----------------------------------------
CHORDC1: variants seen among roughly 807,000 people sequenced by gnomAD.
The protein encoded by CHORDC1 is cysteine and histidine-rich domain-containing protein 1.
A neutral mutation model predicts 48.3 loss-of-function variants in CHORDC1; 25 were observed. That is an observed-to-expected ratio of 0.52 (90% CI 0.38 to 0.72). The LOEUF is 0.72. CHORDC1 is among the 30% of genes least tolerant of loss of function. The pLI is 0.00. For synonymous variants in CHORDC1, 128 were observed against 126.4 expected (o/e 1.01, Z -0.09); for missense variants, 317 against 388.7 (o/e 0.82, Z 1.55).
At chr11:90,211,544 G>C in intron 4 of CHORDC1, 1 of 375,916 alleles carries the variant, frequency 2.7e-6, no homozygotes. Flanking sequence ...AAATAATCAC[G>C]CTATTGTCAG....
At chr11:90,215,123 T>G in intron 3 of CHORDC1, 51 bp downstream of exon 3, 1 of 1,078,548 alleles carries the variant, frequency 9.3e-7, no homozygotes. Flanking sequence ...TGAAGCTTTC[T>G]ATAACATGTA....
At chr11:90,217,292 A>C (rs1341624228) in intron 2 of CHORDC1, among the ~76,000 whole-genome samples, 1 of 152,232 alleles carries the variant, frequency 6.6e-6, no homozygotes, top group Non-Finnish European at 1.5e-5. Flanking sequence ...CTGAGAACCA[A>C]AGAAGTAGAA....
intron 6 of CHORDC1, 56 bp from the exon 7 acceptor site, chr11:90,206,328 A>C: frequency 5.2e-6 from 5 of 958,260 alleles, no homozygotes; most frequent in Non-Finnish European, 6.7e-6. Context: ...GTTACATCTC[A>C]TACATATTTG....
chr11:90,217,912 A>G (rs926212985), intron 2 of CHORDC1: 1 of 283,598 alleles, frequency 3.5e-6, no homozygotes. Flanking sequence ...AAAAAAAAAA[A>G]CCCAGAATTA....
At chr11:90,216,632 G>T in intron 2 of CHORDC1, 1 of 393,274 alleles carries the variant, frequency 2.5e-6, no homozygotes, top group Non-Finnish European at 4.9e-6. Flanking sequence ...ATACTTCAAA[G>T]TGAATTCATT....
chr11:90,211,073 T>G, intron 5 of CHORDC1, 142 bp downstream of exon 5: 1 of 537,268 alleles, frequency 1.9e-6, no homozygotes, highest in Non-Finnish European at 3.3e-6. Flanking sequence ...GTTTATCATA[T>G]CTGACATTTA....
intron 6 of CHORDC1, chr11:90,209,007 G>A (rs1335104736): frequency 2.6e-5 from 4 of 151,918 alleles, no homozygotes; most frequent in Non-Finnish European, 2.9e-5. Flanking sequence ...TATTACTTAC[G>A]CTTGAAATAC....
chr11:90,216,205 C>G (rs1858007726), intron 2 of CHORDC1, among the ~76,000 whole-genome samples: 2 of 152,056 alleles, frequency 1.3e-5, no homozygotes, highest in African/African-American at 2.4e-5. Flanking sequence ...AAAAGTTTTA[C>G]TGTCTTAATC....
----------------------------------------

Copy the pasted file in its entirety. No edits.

CHORDC1: variants seen among roughly 807,000 people sequenced by gnomAD.
The protein encoded by CHORDC1 is cysteine and histidine-rich domain-containing protein 1.
A neutral mutation model predicts 48.3 loss-of-function variants in CHORDC1; 25 were observed. That is an observed-to-expected ratio of 0.52 (90% CI 0.38 to 0.72). The LOEUF is 0.72. CHORDC1 is among the 30% of genes least tolerant of loss of function. The pLI is 0.00. For synonymous variants in CHORDC1, 128 were observed against 126.4 expected (o/e 1.01, Z -0.09); for missense variants, 317 against 388.7 (o/e 0.82, Z 1.55).
At chr11:90,211,544 G>C in intron 4 of CHORDC1, 1 of 375,916 alleles carries the variant, frequency 2.7e-6, no homozygotes. Flanking sequence ...AAATAATCAC[G>C]CTATTGTCAG....
At chr11:90,215,123 T>G in intron 3 of CHORDC1, 51 bp downstream of exon 3, 1 of 1,078,548 alleles carries the variant, frequency 9.3e-7, no homozygotes. Flanking sequence ...TGAAGCTTTC[T>G]ATAACATGTA....
At chr11:90,217,292 A>C (rs1341624228) in intron 2 of CHORDC1, among the ~76,000 whole-genome samples, 1 of 152,232 alleles carries the variant, frequency 6.6e-6, no homozygotes, top group Non-Finnish European at 1.5e-5. Flanking sequence ...CTGAGAACCA[A>C]AGAAGTAGAA....
intron 6 of CHORDC1, 56 bp from the exon 7 acceptor site, chr11:90,206,328 A>C: frequency 5.2e-6 from 5 of 958,260 alleles, no homozygotes; most frequent in Non-Finnish European, 6.7e-6. Context: ...GTTACATCTC[A>C]TACATATTTG....
chr11:90,217,912 A>G (rs926212985), intron 2 of CHORDC1: 1 of 283,598 alleles, frequency 3.5e-6, no homozygotes. Flanking sequence ...AAAAAAAAAA[A>G]CCCAGAATTA....
At chr11:90,216,632 G>T in intron 2 of CHORDC1, 1 of 393,274 alleles carries the variant, frequency 2.5e-6, no homozygotes, top group Non-Finnish European at 4.9e-6. Flanking sequence ...ATACTTCAAA[G>T]TGAATTCATT....
chr11:90,211,073 T>G, intron 5 of CHORDC1, 142 bp downstream of exon 5: 1 of 537,268 alleles, frequency 1.9e-6, no homozygotes, highest in Non-Finnish European at 3.3e-6. Flanking sequence ...GTTTATCATA[T>G]CTGACATTTA....
intron 6 of CHORDC1, chr11:90,209,007 G>A (rs1335104736): frequency 2.6e-5 from 4 of 151,918 alleles, no homozygotes; most frequent in Non-Finnish European, 2.9e-5. Flanking sequence ...TATTACTTAC[G>A]CTTGAAATAC....
chr11:90,216,205 C>G (rs1858007726), intron 2 of CHORDC1, among the ~76,000 whole-genome samples: 2 of 152,056 alleles, frequency 1.3e-5, no homozygotes, highest in African/African-American at 2.4e-5. Flanking sequence ...AAAAGTTTTA[C>G]TGTCTTAATC....